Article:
One Year Until the 2020 Census; What We Do Today Counts!
By Shiva Sethi
In exactly one year, the 2020 Census will go out to households across the nation. Our constitution requires the government to conduct this count, which records who we are as a nation, every 10 years. It shows how we’ve changed and helps us predict where we’re going. But the 2020 Census is under attack, and the stakes are too high for us to ignore these threats.
In addition to the many uses of the census in the private sector, policymakers use it to determine congressional representation, invest over $800 billion in federal funds, and shape other legislative decisions. When people and communities are left out, they lose representation and critical services. This can mean entire communities receiving less funding than they need for Medicaid, Head Start, and many other programs. Undercounting has a ripple effect—when individuals aren’t counted, entire communities suffer.
Those most frequently missed by the census include young children, communities of color, and people who have low incomes. The proposed addition of a citizenship question, which is the greatest threat to the validity of the 2020 Census, would likely worsen the count for all of these populations.
A citizenship question would make the census less accurate because households with immigrant family members could be less likely to participate if it is included. This would create a dramatic undercount of noncitizens—as well as U.S. citizens—because many immigrant families live in mixed status families.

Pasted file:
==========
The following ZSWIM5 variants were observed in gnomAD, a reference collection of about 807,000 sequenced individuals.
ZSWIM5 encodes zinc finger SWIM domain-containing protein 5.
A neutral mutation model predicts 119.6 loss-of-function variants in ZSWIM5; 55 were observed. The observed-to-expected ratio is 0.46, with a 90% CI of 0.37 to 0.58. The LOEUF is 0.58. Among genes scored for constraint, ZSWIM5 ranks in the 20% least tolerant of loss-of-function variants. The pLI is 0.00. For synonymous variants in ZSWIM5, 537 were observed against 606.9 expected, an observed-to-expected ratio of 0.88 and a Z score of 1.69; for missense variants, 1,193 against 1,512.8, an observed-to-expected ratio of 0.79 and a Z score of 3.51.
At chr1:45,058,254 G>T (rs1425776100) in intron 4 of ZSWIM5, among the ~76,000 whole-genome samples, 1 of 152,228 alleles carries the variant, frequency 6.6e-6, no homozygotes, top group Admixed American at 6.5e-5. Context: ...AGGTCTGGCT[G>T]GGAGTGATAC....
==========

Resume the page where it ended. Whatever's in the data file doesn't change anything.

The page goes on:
Since the 2016 presidential campaign, immigrant communities have endured a wave of cruel anti-immigrant rhetoric and policies including the termination of Deferred Action for Childhood arrivals (DACA) and Temporary Protected Status (TPS) along with proposals to restrict access to programs that support basic needs. These actions have consequences—including for children. If parents choose not to complete the census for fear of immigration enforcement, many U.S. citizen children will be missed. A quarter of all children under five in the country have at least one immigrant parent; over 90 percent of those children are citizens.
CLASP’s 2018 reports about immigrant children and families document a climate of fear that leads families to avoid interacting with government agencies, and even withdrawing from and declining help to meet basic needs like child care and nutrition assistance. Because of fear of immigration enforcement, parents are forgoing baby formula, workers aren’t reporting wage theft, and young people are leaving school. In this context, it’s easy to understand why immigrant families would choose not to identify their citizenship status on a government form.
Advocates have been fighting against the question since the Trump Administration proposed it. Almost 150,000 individuals and organizations including CLASP submitted public comments about the citizenship question, the vast majority of which were opposed to it. After a U.S. district judge ruled against the question, the Supreme Court agreed to review the ruling and will likely issue its final decision by the end of June.
In the meantime, advocates must continue drawing attention to the importance of an accurate 2020 Census through websites like countallkids.org and voicing their opposition to the citizenship question. The census is too important for us to remain silent.